The Madrid-based court deemed the arguments given by the pro-Tibet human rights groups as sufficient grounds to call the suspects up for questioning, Spain's ABC newspaper reported.
They alleged that the five suspects in question played pivotal roles in the Tibetan genocide in the 1980s and 1990s.
The court issued the arrest warrant under the doctrine of universal jurisdiction, which allows courts to try certain cases of human rights abuses committed in other countries.
It accepted the case because one of the plaintiffs, Tibetan exileThubten Wangchen, has Spanish nationality, and the Chinese courts have not investigated the allegations.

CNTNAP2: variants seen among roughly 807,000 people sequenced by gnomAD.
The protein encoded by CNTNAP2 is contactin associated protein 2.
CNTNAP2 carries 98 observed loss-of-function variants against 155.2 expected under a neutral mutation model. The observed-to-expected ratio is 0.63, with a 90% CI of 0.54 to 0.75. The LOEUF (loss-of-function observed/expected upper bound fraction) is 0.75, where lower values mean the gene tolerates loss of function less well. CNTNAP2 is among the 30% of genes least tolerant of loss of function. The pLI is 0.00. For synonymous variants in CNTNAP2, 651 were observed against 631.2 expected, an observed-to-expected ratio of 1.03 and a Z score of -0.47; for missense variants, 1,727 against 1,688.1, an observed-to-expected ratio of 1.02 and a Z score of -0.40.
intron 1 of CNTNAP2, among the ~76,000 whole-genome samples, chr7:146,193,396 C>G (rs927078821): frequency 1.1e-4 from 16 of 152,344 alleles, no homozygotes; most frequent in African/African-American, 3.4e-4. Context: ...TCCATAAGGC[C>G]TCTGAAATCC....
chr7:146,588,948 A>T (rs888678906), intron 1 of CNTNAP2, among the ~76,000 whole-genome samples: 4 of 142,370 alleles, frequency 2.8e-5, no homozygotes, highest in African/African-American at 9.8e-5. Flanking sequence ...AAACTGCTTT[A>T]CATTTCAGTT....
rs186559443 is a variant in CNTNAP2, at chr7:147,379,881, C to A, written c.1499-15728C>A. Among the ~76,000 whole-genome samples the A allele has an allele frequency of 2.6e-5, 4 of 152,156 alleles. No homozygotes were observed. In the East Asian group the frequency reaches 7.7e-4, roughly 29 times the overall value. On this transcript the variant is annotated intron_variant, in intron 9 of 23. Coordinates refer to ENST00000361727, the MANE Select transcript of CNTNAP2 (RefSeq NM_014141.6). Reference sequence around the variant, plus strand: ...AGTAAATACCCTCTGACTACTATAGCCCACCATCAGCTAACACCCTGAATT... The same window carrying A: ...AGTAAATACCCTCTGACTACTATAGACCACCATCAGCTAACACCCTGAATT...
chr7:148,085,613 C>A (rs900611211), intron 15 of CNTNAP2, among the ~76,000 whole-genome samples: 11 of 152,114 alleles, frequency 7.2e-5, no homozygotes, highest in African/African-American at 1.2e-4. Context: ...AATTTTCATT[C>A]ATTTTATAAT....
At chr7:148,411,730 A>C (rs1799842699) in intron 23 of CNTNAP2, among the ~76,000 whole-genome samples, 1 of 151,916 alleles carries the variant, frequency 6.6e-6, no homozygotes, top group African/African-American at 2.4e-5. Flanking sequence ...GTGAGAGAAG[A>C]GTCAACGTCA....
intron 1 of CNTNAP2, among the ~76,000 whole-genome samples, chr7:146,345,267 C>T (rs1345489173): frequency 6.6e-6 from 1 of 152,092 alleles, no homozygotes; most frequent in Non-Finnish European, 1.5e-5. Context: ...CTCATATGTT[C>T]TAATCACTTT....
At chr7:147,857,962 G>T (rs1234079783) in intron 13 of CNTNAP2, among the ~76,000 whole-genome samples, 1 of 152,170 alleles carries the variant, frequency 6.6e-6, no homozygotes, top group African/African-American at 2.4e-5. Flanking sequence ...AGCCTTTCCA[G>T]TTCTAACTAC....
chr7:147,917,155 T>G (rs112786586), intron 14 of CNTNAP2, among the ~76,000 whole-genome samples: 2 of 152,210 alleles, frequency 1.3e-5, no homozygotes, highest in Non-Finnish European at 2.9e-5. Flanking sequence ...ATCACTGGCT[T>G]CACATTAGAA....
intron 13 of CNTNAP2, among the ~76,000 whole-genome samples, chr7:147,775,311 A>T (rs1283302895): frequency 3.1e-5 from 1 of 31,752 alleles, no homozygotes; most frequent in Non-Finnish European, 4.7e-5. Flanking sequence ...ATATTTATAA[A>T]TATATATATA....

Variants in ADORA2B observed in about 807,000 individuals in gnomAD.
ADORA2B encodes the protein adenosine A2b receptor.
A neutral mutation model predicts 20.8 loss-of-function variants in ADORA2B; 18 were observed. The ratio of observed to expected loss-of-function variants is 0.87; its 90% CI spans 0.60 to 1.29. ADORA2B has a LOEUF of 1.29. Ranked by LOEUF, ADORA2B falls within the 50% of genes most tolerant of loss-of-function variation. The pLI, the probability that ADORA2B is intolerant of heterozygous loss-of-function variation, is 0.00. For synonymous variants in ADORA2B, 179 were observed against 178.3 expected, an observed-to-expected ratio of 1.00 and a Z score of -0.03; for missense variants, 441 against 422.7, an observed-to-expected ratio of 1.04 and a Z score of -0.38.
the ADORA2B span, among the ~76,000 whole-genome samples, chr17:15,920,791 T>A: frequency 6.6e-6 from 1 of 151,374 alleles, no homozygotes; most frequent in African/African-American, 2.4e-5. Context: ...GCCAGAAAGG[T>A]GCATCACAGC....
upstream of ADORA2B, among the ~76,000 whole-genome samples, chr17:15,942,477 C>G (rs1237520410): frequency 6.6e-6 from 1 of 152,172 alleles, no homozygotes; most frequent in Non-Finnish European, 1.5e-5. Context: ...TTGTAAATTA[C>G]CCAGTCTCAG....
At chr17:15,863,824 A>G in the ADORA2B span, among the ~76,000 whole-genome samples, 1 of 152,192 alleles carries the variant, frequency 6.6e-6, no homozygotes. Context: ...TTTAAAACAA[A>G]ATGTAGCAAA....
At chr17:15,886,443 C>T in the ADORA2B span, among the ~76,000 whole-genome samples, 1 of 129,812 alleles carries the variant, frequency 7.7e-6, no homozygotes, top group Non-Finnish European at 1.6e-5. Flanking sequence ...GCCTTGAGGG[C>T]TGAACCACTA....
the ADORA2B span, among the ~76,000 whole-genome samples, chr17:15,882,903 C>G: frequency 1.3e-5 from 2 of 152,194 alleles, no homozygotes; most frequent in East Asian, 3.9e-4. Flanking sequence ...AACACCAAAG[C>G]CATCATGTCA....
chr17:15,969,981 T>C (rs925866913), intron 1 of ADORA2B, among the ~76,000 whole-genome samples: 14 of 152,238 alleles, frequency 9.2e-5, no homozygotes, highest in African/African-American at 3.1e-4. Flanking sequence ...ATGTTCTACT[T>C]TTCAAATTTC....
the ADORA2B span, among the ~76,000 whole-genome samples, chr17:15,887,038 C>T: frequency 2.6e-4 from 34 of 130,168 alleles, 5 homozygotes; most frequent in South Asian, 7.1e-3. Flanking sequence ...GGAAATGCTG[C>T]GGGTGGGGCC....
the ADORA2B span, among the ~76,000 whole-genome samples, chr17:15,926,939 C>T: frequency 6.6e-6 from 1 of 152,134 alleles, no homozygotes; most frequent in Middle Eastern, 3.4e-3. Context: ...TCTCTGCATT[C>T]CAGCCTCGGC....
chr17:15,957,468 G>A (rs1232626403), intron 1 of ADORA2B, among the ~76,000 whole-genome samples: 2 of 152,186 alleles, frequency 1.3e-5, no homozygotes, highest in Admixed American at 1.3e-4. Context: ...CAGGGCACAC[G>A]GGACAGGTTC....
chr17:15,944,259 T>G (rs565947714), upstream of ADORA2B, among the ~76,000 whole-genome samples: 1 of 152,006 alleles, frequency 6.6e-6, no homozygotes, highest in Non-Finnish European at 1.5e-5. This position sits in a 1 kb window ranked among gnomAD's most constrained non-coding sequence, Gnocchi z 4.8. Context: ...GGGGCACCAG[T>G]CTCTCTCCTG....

Chinese authorities previously described the allegations as “sheer fabrication” and slammed Spain for meddling in China’s home affairs.
"Tibet is an inseparable part of China," foreign ministry spokeswoman Hua Chunying said at a regular briefing in October, adding the region's affairs are a Chinese "domestic" matter.
"We are firmly opposed to any country or any individuals' interference in China's domestic affairs under the pretext of the Tibet-related issue," she said.
Former Prime Minister Li Peng is among the officials facing arrest and ex Chinese President Hu Jintao is also under investigation.
The lawsuit, which was filed by the Tibet Support Committee, targets seven past Chinese leaders.
The lawsuit has its origins in a 2006 decision by Spain's National Court that it had the powers to investigate the Tibetan genocide given that it was impossible for Chinese courts and the International Criminal Court to do so.